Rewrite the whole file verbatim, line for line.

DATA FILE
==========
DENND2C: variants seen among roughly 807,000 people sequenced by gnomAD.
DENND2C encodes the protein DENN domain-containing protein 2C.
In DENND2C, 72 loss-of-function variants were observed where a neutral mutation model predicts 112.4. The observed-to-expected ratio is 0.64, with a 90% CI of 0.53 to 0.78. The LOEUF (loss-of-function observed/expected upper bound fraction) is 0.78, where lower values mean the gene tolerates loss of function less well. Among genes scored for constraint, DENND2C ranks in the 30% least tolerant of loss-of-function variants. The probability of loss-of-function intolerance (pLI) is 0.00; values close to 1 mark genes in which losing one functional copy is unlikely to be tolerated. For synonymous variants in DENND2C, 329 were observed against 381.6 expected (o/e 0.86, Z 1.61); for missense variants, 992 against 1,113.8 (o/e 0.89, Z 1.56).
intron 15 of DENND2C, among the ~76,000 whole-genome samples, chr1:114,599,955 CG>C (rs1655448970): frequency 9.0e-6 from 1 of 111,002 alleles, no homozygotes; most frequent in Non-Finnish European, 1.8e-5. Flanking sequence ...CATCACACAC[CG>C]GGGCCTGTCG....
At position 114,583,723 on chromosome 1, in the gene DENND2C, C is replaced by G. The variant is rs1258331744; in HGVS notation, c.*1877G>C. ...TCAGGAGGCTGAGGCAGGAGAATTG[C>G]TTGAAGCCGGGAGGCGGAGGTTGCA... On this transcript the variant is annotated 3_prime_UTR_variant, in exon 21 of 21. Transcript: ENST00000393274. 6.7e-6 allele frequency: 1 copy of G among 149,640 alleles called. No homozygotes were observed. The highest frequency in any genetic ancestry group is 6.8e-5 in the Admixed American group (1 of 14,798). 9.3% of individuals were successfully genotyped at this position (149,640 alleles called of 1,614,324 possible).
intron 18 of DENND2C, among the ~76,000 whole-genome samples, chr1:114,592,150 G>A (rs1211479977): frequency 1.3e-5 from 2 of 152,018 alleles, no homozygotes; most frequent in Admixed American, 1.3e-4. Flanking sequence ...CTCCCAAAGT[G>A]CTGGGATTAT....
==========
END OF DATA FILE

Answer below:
DENND2C: variants seen among roughly 807,000 people sequenced by gnomAD.
DENND2C encodes the protein DENN domain-containing protein 2C.
In DENND2C, 72 loss-of-function variants were observed where a neutral mutation model predicts 112.4. The observed-to-expected ratio is 0.64, with a 90% CI of 0.53 to 0.78. The LOEUF (loss-of-function observed/expected upper bound fraction) is 0.78, where lower values mean the gene tolerates loss of function less well. Among genes scored for constraint, DENND2C ranks in the 30% least tolerant of loss-of-function variants. The probability of loss-of-function intolerance (pLI) is 0.00; values close to 1 mark genes in which losing one functional copy is unlikely to be tolerated. For synonymous variants in DENND2C, 329 were observed against 381.6 expected (o/e 0.86, Z 1.61); for missense variants, 992 against 1,113.8 (o/e 0.89, Z 1.56).
intron 15 of DENND2C, among the ~76,000 whole-genome samples, chr1:114,599,955 CG>C (rs1655448970): frequency 9.0e-6 from 1 of 111,002 alleles, no homozygotes; most frequent in Non-Finnish European, 1.8e-5. Flanking sequence ...CATCACACAC[CG>C]GGGCCTGTCG....
At position 114,583,723 on chromosome 1, in the gene DENND2C, C is replaced by G. The variant is rs1258331744; in HGVS notation, c.*1877G>C. ...TCAGGAGGCTGAGGCAGGAGAATTG[C>G]TTGAAGCCGGGAGGCGGAGGTTGCA... On this transcript the variant is annotated 3_prime_UTR_variant, in exon 21 of 21. Transcript: ENST00000393274. 6.7e-6 allele frequency: 1 copy of G among 149,640 alleles called. No homozygotes were observed. The highest frequency in any genetic ancestry group is 6.8e-5 in the Admixed American group (1 of 14,798). 9.3% of individuals were successfully genotyped at this position (149,640 alleles called of 1,614,324 possible).
intron 18 of DENND2C, among the ~76,000 whole-genome samples, chr1:114,592,150 G>A (rs1211479977): frequency 1.3e-5 from 2 of 152,018 alleles, no homozygotes; most frequent in Admixed American, 1.3e-4. Flanking sequence ...CTCCCAAAGT[G>A]CTGGGATTAT....